Parsley is more than just a garnish on your plate; it’s a versatile herb that can bring vibrant flavor and nutrients to a variety of dishes. Growing parsley indoors is an excellent choice for gardeners who want to have fresh herbs year-round. This article provides a comprehensive guide to growing, caring for, and harvesting parsley in the comfort of your home.
Table of Contents
1. General Information & Taxonomy
|Scientific name:||Petroselinum crispum|
|Common names:||Parsley, Garden Parsley|
|Toxicity:||Non-Toxic to Humans and Pets|
|Mature size:||12 to 18 inches|
|When to plant it indoors:||Any time of the year|
|Culinary uses:||Garnishing, Salads, Soups, Sauces|
|Medicinal uses:||Diuretic, Anti-inflammatory, Rich in antioxidants|
2. Growing Parsley Indoors from Seeds
- Preparation: You can choose between a larger pot, multiple small pots or a seed tray with drainage holes. Fill the container of your choice with a quality potting mix, leaving about an inch of space from the top.
- Planting: Sow the parsley seeds on the surface of the soil, spacing them approximately 2-3 inches apart. Lightly cover the seeds with a thin layer of soil.
- Location: Place the container in a location where it can receive indirect light. If natural light is insufficient, you can also use grow lights.
- Parsley seeds typically take between 14 to 21 days to germinate. Keep the soil moist but not waterlogged during this period.
Optimal Soil for Germination
- A well-draining potting mix rich in organic matter is ideal for parsley. The soil should have a pH level between 6.0 and 7.0.
- Once the seedlings emerge and develop two sets of true leaves, thin them out so that each seedling has its own space, or transplant them into separate pots.
3. Growing Parsley Indoors from Cuttings
How to Take a Cutting
Select a healthy branch that has at least two nodes. Use a sharp pair of scissors or a knife to cut the branch at a 45-degree angle.
- Water Rooting: Place the cutting in a jar of water, making sure that the nodes are submerged. Change the water every few days to keep it fresh.
- Soil Rooting: You can also plant the cutting directly into a pot filled with well-draining soil. Water it lightly and place it in indirect light.
- Whether you choose water or soil rooting, it usually takes 2-3 weeks for a good root system to develop. Keep the cutting in a warm location with indirect light during this period.
- Once the water roots are well-developed, transplant the cutting into pots, using the same type of soil and light conditions recommended for growing parsley from seeds.
4. Parsley Care & Growing Requirements Indoors
To keep your parsley healthy indoors, water it when the top inch of the soil feels dry to the touch. It’s important to avoid overwatering, as it can lead to root rot. Also make sure to avoid splashing the foliage, which can lead to fungal issues.
Parsley thrives in bright, indirect sunlight, requiring at least six hours per day for optimal growth. If you can’t provide enough natural light, especially during the shorter days of winter, consider using grow lights as an alternative.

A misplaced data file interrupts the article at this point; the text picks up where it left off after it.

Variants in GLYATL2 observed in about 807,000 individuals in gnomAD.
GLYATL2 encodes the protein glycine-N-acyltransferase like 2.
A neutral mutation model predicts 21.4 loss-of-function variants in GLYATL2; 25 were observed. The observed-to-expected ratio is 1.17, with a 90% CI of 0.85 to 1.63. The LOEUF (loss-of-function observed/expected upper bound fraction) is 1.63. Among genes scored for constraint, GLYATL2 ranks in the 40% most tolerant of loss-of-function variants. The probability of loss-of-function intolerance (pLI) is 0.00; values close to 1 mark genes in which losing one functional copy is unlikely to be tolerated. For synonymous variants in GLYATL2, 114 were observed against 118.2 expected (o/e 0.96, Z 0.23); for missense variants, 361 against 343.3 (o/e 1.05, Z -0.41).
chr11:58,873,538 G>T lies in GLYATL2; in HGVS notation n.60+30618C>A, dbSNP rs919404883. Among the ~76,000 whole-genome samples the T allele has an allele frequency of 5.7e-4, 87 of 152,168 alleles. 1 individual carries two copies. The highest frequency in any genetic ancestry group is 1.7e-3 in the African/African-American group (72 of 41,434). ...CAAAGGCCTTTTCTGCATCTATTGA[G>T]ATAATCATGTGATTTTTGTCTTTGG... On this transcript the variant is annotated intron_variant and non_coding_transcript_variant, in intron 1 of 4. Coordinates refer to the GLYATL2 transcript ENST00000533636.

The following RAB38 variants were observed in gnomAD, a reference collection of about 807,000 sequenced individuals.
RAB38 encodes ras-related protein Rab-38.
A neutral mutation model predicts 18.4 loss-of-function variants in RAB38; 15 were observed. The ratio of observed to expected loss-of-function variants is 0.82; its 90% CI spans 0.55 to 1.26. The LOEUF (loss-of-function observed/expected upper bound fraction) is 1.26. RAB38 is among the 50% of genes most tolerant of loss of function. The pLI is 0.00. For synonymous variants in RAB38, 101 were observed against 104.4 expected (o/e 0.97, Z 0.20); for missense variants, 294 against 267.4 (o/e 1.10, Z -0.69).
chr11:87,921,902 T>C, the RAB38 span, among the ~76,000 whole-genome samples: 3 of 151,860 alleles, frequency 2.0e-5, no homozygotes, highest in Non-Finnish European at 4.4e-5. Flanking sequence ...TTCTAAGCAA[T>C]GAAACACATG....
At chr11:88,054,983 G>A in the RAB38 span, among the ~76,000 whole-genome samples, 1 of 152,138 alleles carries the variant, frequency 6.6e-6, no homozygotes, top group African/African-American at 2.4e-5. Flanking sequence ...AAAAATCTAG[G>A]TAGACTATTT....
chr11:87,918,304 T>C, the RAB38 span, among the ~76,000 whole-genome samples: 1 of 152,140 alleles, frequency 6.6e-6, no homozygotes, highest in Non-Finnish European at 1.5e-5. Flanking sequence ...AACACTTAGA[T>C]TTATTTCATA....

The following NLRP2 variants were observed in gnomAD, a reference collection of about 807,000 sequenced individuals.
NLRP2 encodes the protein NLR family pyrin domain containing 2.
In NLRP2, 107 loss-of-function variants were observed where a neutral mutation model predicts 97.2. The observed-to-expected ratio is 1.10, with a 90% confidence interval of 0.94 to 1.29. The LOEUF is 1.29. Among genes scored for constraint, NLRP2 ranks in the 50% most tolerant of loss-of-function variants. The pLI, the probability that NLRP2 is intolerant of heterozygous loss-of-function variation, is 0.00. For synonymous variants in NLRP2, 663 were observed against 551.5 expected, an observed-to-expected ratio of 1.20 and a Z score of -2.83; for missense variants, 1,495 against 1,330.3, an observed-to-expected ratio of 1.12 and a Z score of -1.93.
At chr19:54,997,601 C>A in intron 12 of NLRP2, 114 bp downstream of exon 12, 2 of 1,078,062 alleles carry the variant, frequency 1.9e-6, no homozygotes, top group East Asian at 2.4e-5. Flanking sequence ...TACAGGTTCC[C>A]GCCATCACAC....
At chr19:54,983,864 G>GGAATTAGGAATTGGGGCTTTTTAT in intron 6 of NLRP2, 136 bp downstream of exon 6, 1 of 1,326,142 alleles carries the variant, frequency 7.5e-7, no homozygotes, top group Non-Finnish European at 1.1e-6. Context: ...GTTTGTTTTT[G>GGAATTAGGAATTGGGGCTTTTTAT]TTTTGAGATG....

For parsley to grow well indoors, use a well-draining, loamy soil mix with a pH level between 6.0 and 7.0. You can also use a standard potting mix and add organic compost to improve drainage and quality.
Maintain a consistent indoor temperature between 65-75°F (18-24°C) for your parsley to grow well. If you’re growing this herb indoors during the winter, make sure to keep it away from cold drafts, radiators, and heating vents.
Parsley prefers moderate humidity levels. If the indoor air is too dry, especially during winter when indoor heating systems are on, you can increase humidity by using a humidity tray filled with water and pebbles beneath the pot.
To provide the nutrients parsley needs for robust growth, use a balanced, all-purpose liquid fertilizer diluted to half the recommended strength every 4-6 weeks.
5. When and How to Harvest Your Parsley
» When to Harvest
Your parsley plant is ready for harvest when it has grown at least three segments of leaves. It’s best to harvest in the morning, as this is when the leaves are at their peak oil and flavor content.
Usually, you could start seeing it reach this stage as early as 70 to 90 days after planting from seed.
» How to Harvest
When harvesting parsley, you should not remove more than one-third of the plant at one time. Taking too much can stress the plant and affect its ability to regrow.
Use a pair of sharp, clean scissors or garden shears to ensure a clean cut. Snip the leaves or stems close to the ground level, focusing on the outer segments first, as they are the most mature.
» Post-harvest Care
After harvesting, it’s important to give your parsley plant some extra attention to ensure it continues to grow and produce new leaves. Start by checking the soil moisture and water the plant if the top inch of soil feels dry.
Inspect the plant for any signs of disease or pest activity, such as yellowing leaves or holes. If you notice any issues, treat them promptly to prevent them from spreading.
Growing parsley indoors is quite straightforward and with the right care, its rewards are quite generous. Beyond parsley, you can also add other easy-to-grow herbs to your indoor garden like sage, basil, mint, and chives.